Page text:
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‘Les Murray Is Australia’

The other day I was in Sydney, thinking about this Alan Jacobs post about the recently deceased Australian poet Les Murray, and this 2015 essay by Jacobs about Les Murray. In it, Jacobs wrote:

The sociologist Pierre Bourdieu has argued that France produces, from time to time, a peculiar kind of figure whom he calls the “consecrated heretic.” Voltaire is one example; Rousseau another; Sartre a third. The consecrated heretic is an artist or intellectual who plants his feet firmly in the riverbed and faces the social current upstream, refusing to be carried along by it. He mocks conventional wisdom; he scandalizes ordinary people by what he believes, what he says, how he acts. Of course, many people do this, but only a tiny handful are celebrated for it, are seen as indispensable threads in the social fabric. The passionate earnestness of these few is acknowledged; they are clearly dedicated in their own perverse way to the common good. Eventually the nation’s major institutions seek to bestow high honors on such heretics, who of course turn aside disdainfully, which makes them treasured all the more. Les Murray is the chief consecrated heretic of Australia.

One thing that made Les Murray a heretic in Australia is that he was a convert to Catholicism, a real believer who dedicated most of his books “To the glory of God.”

Alan put up this old Australian tourist ad featuring Les Murray. It’s really something; it consists of lines from one of his most well-known poems, “The Dream Of Wearing Shorts Forever”:

[youtube https://www.youtube.com/watch?v=cPneEIuFF90]

So, I went to a big bookstore in Sydney looking for a volume of Les Murray poems so I could see what the big deal was. They had nothing — I’m guessing because Murray died last month, and they sold out.

This morning having coffee with some new friends in Melbourne, I mentioned how much I had hoped to buy a book of Les Murray poems while here. One of them — I believe it was one of them, but I’ve talked about Murray with several people these past days — said to me, “Les Murray is Australia.” Tonight, one of those friends delivered to me a hardback copy of the Collected Poems of Les Murray, the cover of which is above. I was so grateful, and so touched. It’s hard for me to overstate how much I like Australians, who are exactly what you expect: bold, big-hearted, and kind.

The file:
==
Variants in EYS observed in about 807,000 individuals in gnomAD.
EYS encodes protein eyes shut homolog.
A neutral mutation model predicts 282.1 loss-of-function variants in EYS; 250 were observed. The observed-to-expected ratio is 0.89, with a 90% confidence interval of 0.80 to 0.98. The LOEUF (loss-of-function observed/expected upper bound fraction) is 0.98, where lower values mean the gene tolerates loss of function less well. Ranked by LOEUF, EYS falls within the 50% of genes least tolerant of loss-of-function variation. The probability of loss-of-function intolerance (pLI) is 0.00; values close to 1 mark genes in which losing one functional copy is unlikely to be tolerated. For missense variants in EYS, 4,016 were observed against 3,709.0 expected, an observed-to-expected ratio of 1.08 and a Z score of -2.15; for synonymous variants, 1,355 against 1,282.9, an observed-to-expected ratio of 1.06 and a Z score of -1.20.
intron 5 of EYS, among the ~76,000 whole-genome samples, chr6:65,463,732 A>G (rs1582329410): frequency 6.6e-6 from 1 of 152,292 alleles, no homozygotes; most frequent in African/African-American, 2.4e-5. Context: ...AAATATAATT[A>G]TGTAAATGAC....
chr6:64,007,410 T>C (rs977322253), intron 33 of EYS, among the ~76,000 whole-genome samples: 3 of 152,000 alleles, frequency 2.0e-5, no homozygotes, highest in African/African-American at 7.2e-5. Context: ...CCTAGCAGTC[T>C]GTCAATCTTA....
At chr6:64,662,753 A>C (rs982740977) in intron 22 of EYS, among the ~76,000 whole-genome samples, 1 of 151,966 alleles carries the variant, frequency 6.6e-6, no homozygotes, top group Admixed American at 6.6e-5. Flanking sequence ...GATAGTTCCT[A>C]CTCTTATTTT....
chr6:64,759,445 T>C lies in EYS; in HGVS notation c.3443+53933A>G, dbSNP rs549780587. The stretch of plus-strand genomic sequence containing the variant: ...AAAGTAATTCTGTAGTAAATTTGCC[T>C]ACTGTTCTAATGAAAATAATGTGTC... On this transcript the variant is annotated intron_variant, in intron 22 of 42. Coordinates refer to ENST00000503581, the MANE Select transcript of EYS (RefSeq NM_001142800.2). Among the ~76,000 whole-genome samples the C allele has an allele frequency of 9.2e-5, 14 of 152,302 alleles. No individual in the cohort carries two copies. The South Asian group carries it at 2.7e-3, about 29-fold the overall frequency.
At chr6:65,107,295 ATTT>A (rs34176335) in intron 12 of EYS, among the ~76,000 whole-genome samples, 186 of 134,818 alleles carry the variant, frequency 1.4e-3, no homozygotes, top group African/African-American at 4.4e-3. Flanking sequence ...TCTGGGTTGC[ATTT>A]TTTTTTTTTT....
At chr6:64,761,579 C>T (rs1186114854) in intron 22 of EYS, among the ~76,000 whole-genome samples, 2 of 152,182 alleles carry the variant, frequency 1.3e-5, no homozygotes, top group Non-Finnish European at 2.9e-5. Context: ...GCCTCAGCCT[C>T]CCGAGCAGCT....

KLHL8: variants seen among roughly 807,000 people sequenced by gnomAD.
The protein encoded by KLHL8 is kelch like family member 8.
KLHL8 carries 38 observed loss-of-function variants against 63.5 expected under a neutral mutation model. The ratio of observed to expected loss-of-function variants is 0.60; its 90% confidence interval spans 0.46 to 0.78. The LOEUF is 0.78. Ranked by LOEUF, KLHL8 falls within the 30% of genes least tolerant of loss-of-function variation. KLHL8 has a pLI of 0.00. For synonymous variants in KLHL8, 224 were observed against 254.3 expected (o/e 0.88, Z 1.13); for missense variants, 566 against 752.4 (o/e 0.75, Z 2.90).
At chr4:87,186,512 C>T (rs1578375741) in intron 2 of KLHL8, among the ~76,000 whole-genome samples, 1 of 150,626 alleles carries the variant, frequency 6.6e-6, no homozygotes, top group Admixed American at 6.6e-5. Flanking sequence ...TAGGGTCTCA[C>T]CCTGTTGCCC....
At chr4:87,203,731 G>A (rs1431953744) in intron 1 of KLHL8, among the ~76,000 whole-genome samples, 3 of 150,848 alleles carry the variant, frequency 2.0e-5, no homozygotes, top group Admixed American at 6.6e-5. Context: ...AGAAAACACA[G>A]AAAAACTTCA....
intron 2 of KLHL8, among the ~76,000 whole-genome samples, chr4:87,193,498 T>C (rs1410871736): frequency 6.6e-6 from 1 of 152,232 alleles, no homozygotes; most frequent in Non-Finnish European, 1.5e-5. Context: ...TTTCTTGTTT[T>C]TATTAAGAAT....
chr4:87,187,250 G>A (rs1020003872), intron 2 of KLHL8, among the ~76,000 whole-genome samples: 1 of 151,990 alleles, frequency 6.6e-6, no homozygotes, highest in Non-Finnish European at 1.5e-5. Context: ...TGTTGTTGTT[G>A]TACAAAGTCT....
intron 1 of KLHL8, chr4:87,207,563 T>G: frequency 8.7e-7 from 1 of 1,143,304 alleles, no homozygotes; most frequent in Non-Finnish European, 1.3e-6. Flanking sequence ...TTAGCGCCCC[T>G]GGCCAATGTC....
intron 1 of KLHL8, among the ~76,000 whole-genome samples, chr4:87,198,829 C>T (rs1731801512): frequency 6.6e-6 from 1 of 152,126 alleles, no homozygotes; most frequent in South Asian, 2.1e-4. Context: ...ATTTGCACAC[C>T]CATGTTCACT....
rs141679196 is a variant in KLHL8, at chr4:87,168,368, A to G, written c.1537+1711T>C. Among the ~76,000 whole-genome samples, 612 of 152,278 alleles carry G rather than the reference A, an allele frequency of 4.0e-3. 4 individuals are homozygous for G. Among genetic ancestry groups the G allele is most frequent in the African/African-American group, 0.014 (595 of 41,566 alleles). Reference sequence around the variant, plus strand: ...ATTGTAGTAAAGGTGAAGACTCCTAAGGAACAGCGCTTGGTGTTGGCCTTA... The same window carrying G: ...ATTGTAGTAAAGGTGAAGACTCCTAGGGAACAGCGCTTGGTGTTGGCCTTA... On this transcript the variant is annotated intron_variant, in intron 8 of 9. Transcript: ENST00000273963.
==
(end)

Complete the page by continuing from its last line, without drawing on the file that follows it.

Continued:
Tonight in the Uber returning from dinner, I was talking with my Australian friend Paul about the big book, which I held in my lap like a treasure chest. He said that his favorite Les Murray poem is called “The Last Hellos.” He explained that Murray had a complicated and painful relationship with his father. Here is the poem. It is a thing of rough beauty.


Don’t die, Dad —
but they die.
This last year he was wandery:
took off a new chainsaw blade
and cobbled a spare from bits.
Perhaps if I lay down
my head’ll come better again.
His left shoulder kept rising
higher in his cardigan.
He could see death in a face.
Family used to call him in
to look at sick ones and say.
At his own time, he was told.
The knob found in his head
was duck-egg size. Never hurt.
Two to six months, Cecil.
I’ll be right, he boomed
to his poor sister on the phone
I’ll do that when I finish dyin.

Don’t die, Cecil.
But they do.
Going for last drives
in the bush, odd massive
board-slotted stumps bony white
in whipstick second growth.
I could chop all day.
I could always cash
a cheque, in Sydney or anywhere.

Any of the shops.
Eating, still at the head
of the table, he now missed
food on his knife side.
Sorry, Dad, but like
have you forgiven your enemies?
Your father and all of them?

All his lifetime of hurt.
I must have (grin). I don’t
think about that now.


People can’t say goodbye
any more. They say last hellos.
Going fast, over Christmas,
he’d still stumble out
of his room, where his photos
hang over the other furniture,
and play host to his mourners.
The courage of his bluster
firm big voice of his confusion.
Two last days in the hospital:
his long forearms were still
red mahogany. His hands
gripped steel frame. I’m dyin.
On the second day:
You’re bustin to talk but
I’m too busy dyin.


Grief ended when he died,
the widower like soldiers who
won’t live life their mates missed.
Good boy Cecil! No more Bluey dog.
No more cowtime. No more stories.
We’re still using your imagination,
it was stronger than all ours.
Your grave’s got littler
somehow, in the three months.
More pointy as the clay’s shrivelled,
like a stuck zip in a coat.
Your cricket boots are in
the State museum! Odd letters
still come. Two more’s died since you:
Annie, and Stewart. Old Stewart.
On your day there was a good crowd,
family, and people from away.
But of course a lot had gone
to their own funerals first.
Snobs mind us off religion
nowadays, if they can.
Fuck thém. I wish you God.

UPDATE:Stephen McInerney, a Murray scholar, wrote a remembrance.


about the author

Rod Dreher is a senior editor at The American Conservative. He has written and edited for the New York Post, The Dallas Morning News, National Review, the South Florida Sun-Sentinel, the Washington Times, and the Baton Rouge Advocate. Rod’s commentary has been published in The Wall Street Journal, Commentary, the Weekly Standard, Beliefnet, and Real Simple, among other publications, and he has appeared on NPR, ABC News, CNN, Fox News, MSNBC, and the BBC. He lives in Baton Rouge, Louisiana, with his wife Julie and their three children. He has also written four books, The Little Way of Ruthie Leming, Crunchy Cons, How Dante Can Save Your Life, and The Benedict Option.

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